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No 6280

Wednesday 10 October 2012

Vol cxliii No 3

pp. 33–41

Report of Discussion

Tuesday, 2 October 2012

A Discussion was held in the Senate-House. Pro-Vice-Chancellor Professor Jeremy Sanders was presiding, with the Registrary’s Deputy, the Senior Proctor, the Junior Pro-Proctor, and eleven other persons present.

The following Report was discussed:

Report of the Council, dated 28 June 2012, on the technical review of the Statutes (Reporter, 2011–12, p. 747).

Professor A. D. Yates (Warden, Robinson College and University Council):

Mr Deputy Vice-Chancellor, this Report of the Council represents the work of the Technical Advisory Group, set up by the Council in the autumn of 2010, to undertake a technical review of the University’s Statutes. Some proposals, in the shape of a series of consultation papers, followed by a Report to the Regent House, dated 14 June 2010, were the subject of a Discussion by the Regent House on 6 July 2010. As a consequence of the very valuable feedback that was received from the various consultations, and the Discussion to which I have referred, the proposals to be found in Appendix 1 to the Report currently under Discussion were put to the Council, and these are now put before the Regent House.

There are several very important points that require emphasis. First, these proposals will be the subject of a Grace to be placed before the Regent House this term. That Grace will seek approval in principle only. At the same time, further informal advice and comment is being sought from the Privy Council, in addition to the guidance that has already been sought. At a later date, the New Statutes, amended as necessary as a consequence of any further observations made by the Privy Council or members of the University (and some further amendment may well be required), will be put by Report, Discussion, a ballot if called, and a Grace, for final approval by the Regent House. At that time, any further changes from the version currently before the Regent House will be clearly highlighted. The New Statutes, assuming Regent House approval, will then be submitted for approval by Her Majesty in Council.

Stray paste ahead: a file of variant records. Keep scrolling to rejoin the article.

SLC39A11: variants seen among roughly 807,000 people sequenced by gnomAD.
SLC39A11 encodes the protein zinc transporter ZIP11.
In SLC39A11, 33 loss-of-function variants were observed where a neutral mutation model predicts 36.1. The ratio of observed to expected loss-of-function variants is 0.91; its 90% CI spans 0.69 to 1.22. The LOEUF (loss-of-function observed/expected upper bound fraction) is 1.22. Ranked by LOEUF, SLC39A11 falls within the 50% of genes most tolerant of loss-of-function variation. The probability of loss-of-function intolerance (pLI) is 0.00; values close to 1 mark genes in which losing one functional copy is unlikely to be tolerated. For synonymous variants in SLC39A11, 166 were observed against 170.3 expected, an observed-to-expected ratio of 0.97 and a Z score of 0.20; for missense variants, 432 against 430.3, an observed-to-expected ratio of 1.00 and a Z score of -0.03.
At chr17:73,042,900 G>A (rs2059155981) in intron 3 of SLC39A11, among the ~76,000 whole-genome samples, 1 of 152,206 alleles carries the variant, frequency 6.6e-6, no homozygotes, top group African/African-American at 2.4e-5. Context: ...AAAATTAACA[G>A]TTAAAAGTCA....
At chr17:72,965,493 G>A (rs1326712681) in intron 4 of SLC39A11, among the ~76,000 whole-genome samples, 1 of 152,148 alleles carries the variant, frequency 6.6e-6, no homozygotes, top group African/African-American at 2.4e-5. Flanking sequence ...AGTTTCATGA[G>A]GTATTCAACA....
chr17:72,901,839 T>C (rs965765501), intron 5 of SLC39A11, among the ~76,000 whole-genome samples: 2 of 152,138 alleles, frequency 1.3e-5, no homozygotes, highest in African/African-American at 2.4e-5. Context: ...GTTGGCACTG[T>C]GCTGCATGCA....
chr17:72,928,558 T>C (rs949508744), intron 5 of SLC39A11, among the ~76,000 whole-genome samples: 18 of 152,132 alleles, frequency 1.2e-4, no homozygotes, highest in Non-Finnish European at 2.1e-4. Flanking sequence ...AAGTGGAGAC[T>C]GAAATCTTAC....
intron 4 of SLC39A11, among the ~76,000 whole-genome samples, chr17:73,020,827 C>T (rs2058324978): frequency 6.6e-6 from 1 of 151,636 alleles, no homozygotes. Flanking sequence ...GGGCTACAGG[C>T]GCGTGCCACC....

So much for process. The second important point to note is that these New Statutes are concerned only with technical changes. They represent a consolidation of the current Statutes into a more rational, thematic structure, but there have only been substantive changes where such have proved necessary to clarify existing ambiguity, remove redundancy, or to rectify illegality resulting from changes in the law since the original statutory provisions were promulgated. All such changes are clearly identified by footnote in the Report currently under discussion.

Thirdly, an important – and not merely technical –change is the introduction of an additional layer of University legislation – that of the Special Ordinance, so that the University would in future have, as the Report points out, a quadripartite structure of legislation: Statutes, Special Ordinances, Ordinances, and Regulations.

The novelty in this structure is the category of Special Ordinances. These are provisions made under Statute on the authority of the Regent House on the basis of a Report to the University, a Discussion, a Notice, a ballot if called, and a Grace. The only difference between enacting or changing a provision in the New Statutes as compared with enacting or changing a provision in a Special Ordinance, is that the former requires the consent of Her Majesty in Council, whereas the latter, under the proposals under Discussion, would not.

The proposed New Statutes represent a shortened consolidated version of the existing Statutes, containing the fundamental constitutional and governance provisions of the University. Those other measures in the current Statutes that contain the detail supporting these fundamental provisions, together with those that simply implement national law and which may, therefore, be subject to change from time to time, have been moved, without, I emphasize, changes in their substance, to Special Ordinances. Reducing the Statutes to an enabling framework and set of constitutional and governance principles is firmly in line with the Privy Council’s informal advice, which the University has, of course, sought.